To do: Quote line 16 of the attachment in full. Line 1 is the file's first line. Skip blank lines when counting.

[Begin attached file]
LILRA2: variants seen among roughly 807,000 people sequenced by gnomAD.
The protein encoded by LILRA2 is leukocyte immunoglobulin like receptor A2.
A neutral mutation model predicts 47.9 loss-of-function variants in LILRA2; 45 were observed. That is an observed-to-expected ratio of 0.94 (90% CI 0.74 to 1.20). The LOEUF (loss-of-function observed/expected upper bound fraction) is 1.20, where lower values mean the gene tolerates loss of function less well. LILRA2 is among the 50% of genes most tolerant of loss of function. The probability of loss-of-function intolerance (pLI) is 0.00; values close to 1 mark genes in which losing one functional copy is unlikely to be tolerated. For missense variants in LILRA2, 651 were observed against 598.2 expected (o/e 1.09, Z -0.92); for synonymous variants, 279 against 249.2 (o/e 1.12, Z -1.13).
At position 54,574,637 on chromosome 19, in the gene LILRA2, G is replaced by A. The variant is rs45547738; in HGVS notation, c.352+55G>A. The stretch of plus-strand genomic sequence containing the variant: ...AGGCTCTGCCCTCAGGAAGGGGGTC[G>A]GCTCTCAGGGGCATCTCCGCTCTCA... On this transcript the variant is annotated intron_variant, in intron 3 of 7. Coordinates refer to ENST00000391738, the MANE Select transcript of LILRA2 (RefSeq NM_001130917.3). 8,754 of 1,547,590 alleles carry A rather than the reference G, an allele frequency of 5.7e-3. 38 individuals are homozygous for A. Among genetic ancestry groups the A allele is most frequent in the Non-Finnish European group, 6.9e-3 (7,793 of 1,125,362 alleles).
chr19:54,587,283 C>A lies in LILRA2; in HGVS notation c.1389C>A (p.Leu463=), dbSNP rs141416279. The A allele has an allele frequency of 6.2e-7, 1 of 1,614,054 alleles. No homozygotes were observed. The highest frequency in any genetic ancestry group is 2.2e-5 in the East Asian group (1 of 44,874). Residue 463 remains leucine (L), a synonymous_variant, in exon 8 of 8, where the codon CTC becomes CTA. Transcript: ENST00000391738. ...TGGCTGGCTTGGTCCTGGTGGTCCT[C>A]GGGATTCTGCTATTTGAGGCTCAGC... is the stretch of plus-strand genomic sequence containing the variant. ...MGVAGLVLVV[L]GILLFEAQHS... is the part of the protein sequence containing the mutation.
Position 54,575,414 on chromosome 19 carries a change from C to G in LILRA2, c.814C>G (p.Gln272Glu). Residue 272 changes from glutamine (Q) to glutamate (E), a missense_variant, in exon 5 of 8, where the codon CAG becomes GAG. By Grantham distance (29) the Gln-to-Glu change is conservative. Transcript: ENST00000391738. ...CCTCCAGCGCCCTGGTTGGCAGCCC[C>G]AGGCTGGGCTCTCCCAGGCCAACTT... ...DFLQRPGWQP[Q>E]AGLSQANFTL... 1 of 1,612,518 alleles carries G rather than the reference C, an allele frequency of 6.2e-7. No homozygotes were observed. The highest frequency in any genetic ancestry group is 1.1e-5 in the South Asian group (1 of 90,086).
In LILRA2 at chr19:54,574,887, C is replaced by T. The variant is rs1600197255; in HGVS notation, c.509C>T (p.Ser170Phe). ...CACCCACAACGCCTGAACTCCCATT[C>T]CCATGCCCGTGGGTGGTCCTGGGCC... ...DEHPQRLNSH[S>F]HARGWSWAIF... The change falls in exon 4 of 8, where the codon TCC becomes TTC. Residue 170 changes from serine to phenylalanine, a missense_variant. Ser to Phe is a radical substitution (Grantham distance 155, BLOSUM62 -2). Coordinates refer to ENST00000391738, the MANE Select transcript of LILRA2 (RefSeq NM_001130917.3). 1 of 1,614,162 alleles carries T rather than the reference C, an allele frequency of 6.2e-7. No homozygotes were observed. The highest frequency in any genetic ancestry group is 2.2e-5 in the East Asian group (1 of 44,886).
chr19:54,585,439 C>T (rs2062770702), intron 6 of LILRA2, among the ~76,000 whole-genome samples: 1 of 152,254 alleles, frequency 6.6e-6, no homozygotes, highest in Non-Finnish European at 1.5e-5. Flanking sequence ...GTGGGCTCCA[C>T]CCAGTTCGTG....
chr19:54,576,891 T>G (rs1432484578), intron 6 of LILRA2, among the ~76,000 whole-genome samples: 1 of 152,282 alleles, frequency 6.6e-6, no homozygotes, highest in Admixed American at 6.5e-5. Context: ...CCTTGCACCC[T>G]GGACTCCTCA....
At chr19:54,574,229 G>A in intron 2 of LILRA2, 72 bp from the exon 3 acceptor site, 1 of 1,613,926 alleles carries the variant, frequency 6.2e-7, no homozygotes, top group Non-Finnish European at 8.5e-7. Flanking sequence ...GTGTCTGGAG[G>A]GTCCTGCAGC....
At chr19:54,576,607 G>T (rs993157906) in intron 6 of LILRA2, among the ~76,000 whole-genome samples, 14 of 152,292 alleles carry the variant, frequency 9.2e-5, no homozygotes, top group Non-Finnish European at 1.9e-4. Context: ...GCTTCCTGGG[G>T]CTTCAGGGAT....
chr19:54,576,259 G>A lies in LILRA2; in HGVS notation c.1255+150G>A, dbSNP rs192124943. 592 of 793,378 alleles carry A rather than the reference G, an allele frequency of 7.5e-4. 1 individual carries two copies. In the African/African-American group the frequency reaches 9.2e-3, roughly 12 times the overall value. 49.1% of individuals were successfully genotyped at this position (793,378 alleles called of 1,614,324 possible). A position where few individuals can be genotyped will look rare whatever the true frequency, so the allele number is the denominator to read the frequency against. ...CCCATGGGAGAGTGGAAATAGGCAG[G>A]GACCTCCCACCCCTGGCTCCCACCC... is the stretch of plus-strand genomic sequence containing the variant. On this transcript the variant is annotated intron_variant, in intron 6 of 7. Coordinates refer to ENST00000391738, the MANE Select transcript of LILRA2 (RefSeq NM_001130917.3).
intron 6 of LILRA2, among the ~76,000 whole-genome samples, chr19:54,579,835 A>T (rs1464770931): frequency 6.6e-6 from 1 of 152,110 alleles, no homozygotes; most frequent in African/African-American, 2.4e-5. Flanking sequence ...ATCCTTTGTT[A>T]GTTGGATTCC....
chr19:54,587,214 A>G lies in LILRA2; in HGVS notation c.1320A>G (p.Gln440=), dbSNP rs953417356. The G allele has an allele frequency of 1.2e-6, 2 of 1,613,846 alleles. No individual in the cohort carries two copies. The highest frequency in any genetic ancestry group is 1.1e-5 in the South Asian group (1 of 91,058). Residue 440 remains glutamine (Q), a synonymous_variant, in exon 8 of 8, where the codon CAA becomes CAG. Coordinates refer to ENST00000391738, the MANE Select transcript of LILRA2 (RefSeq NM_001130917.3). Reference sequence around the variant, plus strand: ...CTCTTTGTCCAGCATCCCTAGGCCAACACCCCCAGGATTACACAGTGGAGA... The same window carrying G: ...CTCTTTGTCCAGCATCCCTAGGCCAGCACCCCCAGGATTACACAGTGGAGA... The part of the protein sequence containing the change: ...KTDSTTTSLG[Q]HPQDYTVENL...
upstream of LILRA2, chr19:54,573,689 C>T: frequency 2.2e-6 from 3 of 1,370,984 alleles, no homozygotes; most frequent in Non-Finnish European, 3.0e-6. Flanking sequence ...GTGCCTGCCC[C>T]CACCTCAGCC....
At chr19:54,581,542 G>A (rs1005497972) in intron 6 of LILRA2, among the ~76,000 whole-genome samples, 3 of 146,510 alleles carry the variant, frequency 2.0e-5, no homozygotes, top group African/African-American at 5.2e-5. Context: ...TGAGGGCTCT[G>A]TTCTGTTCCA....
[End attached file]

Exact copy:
At chr19:54,581,542 G>A (rs1005497972) in intron 6 of LILRA2, among the ~76,000 whole-genome samples, 3 of 146,510 alleles carry the variant, frequency 2.0e-5, no homozygotes, top group African/African-American at 5.2e-5. Context: ...TGAGGGCTCT[G>A]TTCTGTTCCA....